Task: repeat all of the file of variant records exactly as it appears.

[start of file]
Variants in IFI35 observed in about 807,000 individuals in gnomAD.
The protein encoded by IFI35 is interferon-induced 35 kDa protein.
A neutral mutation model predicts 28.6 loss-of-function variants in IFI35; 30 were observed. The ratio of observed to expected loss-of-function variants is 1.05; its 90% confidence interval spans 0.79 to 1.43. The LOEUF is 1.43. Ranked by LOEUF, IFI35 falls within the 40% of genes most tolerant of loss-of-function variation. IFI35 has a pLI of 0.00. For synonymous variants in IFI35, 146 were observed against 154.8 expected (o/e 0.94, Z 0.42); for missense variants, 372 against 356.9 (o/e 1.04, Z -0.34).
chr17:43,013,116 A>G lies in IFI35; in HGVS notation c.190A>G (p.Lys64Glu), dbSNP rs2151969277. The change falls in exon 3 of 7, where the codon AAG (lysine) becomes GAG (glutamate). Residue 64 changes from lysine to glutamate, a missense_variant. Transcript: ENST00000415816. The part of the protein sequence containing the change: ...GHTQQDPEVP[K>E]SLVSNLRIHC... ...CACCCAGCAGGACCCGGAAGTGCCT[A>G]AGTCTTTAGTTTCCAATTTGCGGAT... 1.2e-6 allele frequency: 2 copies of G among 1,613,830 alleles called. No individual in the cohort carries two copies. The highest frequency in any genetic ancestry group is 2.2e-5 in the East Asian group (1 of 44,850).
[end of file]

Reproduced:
Variants in IFI35 observed in about 807,000 individuals in gnomAD.
The protein encoded by IFI35 is interferon-induced 35 kDa protein.
A neutral mutation model predicts 28.6 loss-of-function variants in IFI35; 30 were observed. The ratio of observed to expected loss-of-function variants is 1.05; its 90% confidence interval spans 0.79 to 1.43. The LOEUF is 1.43. Ranked by LOEUF, IFI35 falls within the 40% of genes most tolerant of loss-of-function variation. IFI35 has a pLI of 0.00. For synonymous variants in IFI35, 146 were observed against 154.8 expected (o/e 0.94, Z 0.42); for missense variants, 372 against 356.9 (o/e 1.04, Z -0.34).
chr17:43,013,116 A>G lies in IFI35; in HGVS notation c.190A>G (p.Lys64Glu), dbSNP rs2151969277. The change falls in exon 3 of 7, where the codon AAG (lysine) becomes GAG (glutamate). Residue 64 changes from lysine to glutamate, a missense_variant. Transcript: ENST00000415816. The part of the protein sequence containing the change: ...GHTQQDPEVP[K>E]SLVSNLRIHC... ...CACCCAGCAGGACCCGGAAGTGCCT[A>G]AGTCTTTAGTTTCCAATTTGCGGAT... 1.2e-6 allele frequency: 2 copies of G among 1,613,830 alleles called. No individual in the cohort carries two copies. The highest frequency in any genetic ancestry group is 2.2e-5 in the East Asian group (1 of 44,850).